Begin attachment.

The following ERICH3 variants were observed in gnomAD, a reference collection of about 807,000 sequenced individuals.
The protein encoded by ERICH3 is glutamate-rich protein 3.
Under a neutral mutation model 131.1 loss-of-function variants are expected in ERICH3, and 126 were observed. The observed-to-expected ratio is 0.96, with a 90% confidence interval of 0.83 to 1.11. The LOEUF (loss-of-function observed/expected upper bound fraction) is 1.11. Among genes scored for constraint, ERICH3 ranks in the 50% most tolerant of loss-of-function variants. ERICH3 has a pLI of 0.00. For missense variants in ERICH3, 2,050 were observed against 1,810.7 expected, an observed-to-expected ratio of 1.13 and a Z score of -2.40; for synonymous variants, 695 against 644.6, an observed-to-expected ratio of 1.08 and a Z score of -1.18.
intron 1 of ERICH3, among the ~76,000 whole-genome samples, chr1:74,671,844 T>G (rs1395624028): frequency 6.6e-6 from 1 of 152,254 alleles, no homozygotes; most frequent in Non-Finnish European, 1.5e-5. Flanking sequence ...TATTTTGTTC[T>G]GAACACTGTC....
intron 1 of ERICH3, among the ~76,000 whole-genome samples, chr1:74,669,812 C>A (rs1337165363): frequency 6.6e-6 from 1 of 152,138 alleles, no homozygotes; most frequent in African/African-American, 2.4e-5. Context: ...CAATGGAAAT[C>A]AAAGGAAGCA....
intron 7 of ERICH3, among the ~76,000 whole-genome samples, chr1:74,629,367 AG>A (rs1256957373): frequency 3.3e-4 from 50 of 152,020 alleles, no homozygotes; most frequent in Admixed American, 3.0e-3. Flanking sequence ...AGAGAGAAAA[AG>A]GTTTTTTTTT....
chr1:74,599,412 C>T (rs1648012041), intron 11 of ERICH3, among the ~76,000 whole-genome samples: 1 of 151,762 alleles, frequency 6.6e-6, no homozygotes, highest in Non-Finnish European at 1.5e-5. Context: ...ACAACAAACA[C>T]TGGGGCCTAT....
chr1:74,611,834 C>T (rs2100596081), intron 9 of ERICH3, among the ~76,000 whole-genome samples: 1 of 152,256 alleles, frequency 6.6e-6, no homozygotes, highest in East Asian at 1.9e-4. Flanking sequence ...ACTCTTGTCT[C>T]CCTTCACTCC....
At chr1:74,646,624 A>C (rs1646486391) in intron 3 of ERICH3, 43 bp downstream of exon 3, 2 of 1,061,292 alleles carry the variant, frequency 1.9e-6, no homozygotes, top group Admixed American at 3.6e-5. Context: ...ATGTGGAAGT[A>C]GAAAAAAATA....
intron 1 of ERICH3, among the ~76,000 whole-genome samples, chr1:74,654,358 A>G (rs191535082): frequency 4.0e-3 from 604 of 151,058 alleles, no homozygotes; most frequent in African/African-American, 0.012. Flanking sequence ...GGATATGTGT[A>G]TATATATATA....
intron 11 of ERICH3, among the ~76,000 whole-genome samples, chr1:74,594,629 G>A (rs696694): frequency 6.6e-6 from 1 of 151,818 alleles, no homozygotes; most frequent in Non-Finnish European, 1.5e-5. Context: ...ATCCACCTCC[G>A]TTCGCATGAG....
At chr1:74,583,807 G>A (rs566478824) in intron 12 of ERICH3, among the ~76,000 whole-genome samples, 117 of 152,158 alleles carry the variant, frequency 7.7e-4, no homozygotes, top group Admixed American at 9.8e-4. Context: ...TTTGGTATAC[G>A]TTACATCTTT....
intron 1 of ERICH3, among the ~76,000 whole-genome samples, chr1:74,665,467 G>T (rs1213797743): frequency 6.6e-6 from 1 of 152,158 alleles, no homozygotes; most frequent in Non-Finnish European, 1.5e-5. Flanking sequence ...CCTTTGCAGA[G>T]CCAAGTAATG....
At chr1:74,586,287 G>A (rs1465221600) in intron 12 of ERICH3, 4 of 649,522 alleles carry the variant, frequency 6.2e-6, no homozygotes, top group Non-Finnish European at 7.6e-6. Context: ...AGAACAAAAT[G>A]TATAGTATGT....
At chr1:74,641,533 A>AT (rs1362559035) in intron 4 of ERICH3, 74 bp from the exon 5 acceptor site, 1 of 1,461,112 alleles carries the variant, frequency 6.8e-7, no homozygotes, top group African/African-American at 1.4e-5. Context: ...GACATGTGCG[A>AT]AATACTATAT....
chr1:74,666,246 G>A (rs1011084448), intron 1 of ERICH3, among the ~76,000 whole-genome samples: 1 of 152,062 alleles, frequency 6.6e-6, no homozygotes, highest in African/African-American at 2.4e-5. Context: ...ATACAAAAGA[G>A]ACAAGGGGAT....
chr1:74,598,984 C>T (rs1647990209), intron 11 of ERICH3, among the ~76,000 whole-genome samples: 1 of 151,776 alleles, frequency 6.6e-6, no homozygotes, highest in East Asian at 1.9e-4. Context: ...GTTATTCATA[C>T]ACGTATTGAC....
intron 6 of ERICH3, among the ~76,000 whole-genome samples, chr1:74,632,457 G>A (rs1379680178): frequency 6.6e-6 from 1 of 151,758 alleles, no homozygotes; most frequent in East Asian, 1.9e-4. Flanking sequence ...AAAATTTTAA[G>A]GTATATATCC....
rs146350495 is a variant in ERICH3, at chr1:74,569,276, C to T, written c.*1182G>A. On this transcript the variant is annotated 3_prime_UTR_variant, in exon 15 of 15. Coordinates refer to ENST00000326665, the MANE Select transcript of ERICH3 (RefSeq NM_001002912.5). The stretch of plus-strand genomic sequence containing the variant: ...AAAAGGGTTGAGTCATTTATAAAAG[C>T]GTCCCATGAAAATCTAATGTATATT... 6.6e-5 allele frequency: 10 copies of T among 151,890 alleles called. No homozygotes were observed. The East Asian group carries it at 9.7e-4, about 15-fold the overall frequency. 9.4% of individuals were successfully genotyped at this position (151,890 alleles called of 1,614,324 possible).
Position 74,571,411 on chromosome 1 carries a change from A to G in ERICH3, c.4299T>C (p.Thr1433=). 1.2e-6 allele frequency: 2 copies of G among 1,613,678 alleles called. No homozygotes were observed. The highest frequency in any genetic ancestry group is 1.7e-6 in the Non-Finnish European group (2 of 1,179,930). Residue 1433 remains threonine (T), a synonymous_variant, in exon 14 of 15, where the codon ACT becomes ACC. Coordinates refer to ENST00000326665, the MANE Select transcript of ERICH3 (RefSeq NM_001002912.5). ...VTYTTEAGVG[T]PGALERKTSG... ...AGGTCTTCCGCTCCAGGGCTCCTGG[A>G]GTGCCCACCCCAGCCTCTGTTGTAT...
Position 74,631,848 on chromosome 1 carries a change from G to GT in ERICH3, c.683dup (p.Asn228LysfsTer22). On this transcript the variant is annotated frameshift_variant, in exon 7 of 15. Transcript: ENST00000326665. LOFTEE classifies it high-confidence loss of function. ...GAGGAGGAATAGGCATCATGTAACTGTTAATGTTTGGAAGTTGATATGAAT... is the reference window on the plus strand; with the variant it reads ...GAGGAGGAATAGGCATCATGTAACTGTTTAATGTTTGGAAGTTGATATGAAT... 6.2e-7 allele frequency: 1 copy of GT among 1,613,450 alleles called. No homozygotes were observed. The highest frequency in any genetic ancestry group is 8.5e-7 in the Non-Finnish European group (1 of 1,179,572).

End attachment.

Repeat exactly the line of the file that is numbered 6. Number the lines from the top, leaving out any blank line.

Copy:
intron 7 of ERICH3, among the ~76,000 whole-genome samples, chr1:74,629,367 AG>A (rs1256957373): frequency 3.3e-4 from 50 of 152,020 alleles, no homozygotes; most frequent in Admixed American, 3.0e-3. Flanking sequence ...AGAGAGAAAA[AG>A]GTTTTTTTTT....